Today marks the 20th anniversary of the Loma Prieta Earthquake. I was eleven then, a sixth grader at Rolling Hills Middle School. I was at home that evening, unwillingly. I'd wanted to go to a friends house, I had planned to ride my bike. My mom made me stay home. She was making dinner. Fish sticks. I was sitting on the love seat reading Death Be Not Proud waiting for the third game of the World Series to start. It was the Bay Bridge Series, my A's were up two games.

The shaking began at 5:04pm. It only lasted 15 seconds, but even now, in my mind it feels more like 5 minutes.

If you've ever had something traumatic like that happen maybe you know what I mean when I say that it really was in slow motion. In those 15 seconds I jumped over the love seat, ran to the kitchen where my mother was we both held onto each other and the door frame we had taken shelter in. I clearly remember seeing the cupboard doors shaking open and closed, the dishes rattling on their shelves. I remember watching the light on the ceiling blink off and on before it went off for good. I remember my mom saying "this is the big one". And then it was silent, for just a moment before people started to move again, started to leave their apartments. But then the silence came again. There was no power, no radio, no t.v., no phone. There was nothing. Darkness came quickly that night and because we had no power and lived at the bottom of a three story building we left to go stay with friends in San Jose. I remember driving along Winchester Blvd. in complete dark. A very strange occurrence in a city that large. Even the Winchester Mystery House sat dark and empty. Eerie is the best way to describe that dark, and people, unsure what to do with themselves stood out on streets, talking to neighbors, watching the sky, waiting for aftershocks.

It was twenty years ago but it is one of my clearest memories. It's so clear I can see it run in my head as if I'm watching a movie.

Prior to 1989 earthquakes had always been fun. Now I only consider them fun if they are less than 4.0, and even then they make my heart race until I know it's not another big one.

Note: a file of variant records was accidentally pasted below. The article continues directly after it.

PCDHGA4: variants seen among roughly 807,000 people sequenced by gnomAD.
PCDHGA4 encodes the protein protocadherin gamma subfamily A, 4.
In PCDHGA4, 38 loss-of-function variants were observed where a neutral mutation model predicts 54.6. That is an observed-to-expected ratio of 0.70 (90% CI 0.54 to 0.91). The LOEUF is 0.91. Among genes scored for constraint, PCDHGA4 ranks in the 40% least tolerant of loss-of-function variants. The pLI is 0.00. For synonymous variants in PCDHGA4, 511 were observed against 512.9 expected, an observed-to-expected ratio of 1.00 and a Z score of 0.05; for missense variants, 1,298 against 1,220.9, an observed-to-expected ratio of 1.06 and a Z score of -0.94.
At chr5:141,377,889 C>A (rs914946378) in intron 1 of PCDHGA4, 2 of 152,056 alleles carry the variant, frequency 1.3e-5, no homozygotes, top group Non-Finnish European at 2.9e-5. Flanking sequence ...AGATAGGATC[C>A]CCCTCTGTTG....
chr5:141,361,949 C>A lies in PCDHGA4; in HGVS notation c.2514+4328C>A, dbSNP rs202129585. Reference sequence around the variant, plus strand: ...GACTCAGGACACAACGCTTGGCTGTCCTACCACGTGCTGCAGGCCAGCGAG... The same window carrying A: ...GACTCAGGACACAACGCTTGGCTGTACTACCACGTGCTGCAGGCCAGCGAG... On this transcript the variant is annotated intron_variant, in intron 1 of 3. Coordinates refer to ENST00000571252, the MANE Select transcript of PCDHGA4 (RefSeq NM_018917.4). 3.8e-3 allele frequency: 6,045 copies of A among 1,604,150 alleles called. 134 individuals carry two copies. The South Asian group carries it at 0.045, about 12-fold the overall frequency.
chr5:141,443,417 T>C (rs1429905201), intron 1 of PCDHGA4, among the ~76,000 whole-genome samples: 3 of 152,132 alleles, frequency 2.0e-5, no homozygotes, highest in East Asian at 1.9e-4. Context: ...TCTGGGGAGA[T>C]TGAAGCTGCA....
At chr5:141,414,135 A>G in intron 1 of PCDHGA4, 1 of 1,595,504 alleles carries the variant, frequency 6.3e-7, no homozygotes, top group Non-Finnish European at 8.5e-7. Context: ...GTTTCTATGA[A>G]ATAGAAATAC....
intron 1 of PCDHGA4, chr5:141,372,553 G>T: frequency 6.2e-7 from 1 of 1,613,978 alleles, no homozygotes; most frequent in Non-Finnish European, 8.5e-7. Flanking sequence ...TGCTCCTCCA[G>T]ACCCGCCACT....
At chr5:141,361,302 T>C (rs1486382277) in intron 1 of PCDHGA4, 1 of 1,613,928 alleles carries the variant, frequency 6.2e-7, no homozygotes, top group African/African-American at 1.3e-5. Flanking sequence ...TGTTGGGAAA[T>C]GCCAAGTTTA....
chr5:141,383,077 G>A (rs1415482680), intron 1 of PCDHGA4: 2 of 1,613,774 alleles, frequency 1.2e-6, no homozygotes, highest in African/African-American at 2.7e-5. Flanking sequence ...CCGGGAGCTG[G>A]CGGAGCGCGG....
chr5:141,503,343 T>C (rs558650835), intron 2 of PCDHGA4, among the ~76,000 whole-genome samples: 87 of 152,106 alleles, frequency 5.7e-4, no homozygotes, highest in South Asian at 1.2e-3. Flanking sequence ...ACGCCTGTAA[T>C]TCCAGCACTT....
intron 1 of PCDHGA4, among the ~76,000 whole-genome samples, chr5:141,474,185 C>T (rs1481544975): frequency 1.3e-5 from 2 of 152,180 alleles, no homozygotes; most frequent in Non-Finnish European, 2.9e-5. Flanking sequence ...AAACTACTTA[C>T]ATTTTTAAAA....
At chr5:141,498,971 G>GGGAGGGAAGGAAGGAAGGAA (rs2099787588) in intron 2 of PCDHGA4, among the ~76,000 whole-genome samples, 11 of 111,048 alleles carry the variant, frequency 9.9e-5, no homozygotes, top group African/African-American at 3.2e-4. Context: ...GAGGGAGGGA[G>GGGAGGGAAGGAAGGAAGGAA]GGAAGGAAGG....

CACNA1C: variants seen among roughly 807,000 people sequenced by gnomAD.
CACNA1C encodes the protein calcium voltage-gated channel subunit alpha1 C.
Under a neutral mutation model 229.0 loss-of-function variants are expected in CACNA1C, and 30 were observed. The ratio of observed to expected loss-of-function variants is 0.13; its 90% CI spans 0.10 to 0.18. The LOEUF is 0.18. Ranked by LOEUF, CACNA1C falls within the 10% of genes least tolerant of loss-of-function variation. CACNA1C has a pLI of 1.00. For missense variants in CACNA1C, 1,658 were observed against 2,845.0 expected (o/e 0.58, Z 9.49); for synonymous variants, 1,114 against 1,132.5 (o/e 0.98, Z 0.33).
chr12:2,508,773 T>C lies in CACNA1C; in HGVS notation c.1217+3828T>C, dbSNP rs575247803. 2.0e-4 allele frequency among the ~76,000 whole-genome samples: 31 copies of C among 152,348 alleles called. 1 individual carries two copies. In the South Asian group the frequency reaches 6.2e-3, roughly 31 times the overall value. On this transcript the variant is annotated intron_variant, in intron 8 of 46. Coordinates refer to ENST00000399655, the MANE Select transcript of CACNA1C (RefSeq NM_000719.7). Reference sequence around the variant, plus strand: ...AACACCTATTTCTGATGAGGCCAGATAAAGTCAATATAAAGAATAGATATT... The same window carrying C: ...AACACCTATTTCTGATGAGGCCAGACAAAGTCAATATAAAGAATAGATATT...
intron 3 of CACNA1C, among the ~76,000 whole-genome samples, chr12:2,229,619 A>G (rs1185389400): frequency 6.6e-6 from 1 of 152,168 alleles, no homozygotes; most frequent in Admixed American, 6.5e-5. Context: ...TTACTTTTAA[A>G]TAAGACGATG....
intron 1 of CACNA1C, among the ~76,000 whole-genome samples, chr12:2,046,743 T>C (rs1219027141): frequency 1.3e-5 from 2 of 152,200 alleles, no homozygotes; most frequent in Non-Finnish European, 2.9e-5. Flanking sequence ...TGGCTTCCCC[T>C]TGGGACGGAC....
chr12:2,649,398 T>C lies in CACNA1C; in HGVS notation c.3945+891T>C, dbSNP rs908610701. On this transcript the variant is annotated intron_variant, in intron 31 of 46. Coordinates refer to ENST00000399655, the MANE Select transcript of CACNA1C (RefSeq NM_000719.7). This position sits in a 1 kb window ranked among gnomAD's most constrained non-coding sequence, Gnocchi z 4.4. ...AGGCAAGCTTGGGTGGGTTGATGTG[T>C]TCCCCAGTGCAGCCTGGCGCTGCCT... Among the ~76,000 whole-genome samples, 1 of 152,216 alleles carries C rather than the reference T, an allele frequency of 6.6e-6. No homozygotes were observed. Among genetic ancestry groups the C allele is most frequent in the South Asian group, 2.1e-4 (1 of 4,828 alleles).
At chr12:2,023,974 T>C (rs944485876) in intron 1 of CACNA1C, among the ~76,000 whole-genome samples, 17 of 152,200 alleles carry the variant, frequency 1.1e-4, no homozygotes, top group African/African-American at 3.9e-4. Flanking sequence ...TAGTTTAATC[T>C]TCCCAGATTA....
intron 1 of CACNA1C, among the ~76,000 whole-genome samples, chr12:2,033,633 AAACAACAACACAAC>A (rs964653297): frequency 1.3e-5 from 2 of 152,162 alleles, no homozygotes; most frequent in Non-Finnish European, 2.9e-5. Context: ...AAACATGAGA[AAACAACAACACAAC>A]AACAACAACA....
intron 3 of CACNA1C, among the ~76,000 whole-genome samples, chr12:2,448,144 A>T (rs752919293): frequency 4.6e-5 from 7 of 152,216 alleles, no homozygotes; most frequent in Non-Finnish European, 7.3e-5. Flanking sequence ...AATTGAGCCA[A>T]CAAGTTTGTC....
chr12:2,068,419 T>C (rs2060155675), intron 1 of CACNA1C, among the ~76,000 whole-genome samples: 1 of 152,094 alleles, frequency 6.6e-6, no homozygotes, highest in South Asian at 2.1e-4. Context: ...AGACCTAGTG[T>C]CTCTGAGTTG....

I always mark today with some sort of remembrance. Sometimes just a quiet moment at 5:04pm, sometimes I read old articles and seek out photos, sometimes I make a list of all the things I need for an earthquake kit (yes we need them even in Oregon!). Today I thought I'd type a blog and put my memories in a semi permanent place. There are many more memories as the quake lasted for weeks in our lives. We didn't have power for six days and I missed school for a few as well. I never had a snow day in California, but I had a few Quake days. For days we wondered if our friends were safe, there was no way to know unless we drove to their houses. We were so wrapped up in all of it that I don't remember the fall of the Berlin Wall which occurred on November 9th 1989. For years I couldn't understand why I didn't remember any of that, it seemed like it would have been a rather significant thing to watch and witness on t.v. and in the classroom, and yet I had no recollection of any of it. Just a few years ago I finally looked up the dates.

Twenty years have passed. Seems a little unreal. Here's a few pictures...

The Bay Bridge, also the reason I no longer feel comfortable with bridges in general.

A street grate in Los Gatos, the next city over from my hometown and the same city my middle school was in.

Jose Canseco and fellow ballplayers on the field at Candlestick Park after the quake. Check out the outfit on Ms. Canseco!

By the way, my A's won the series, they sweep it in four games. It was awesome!

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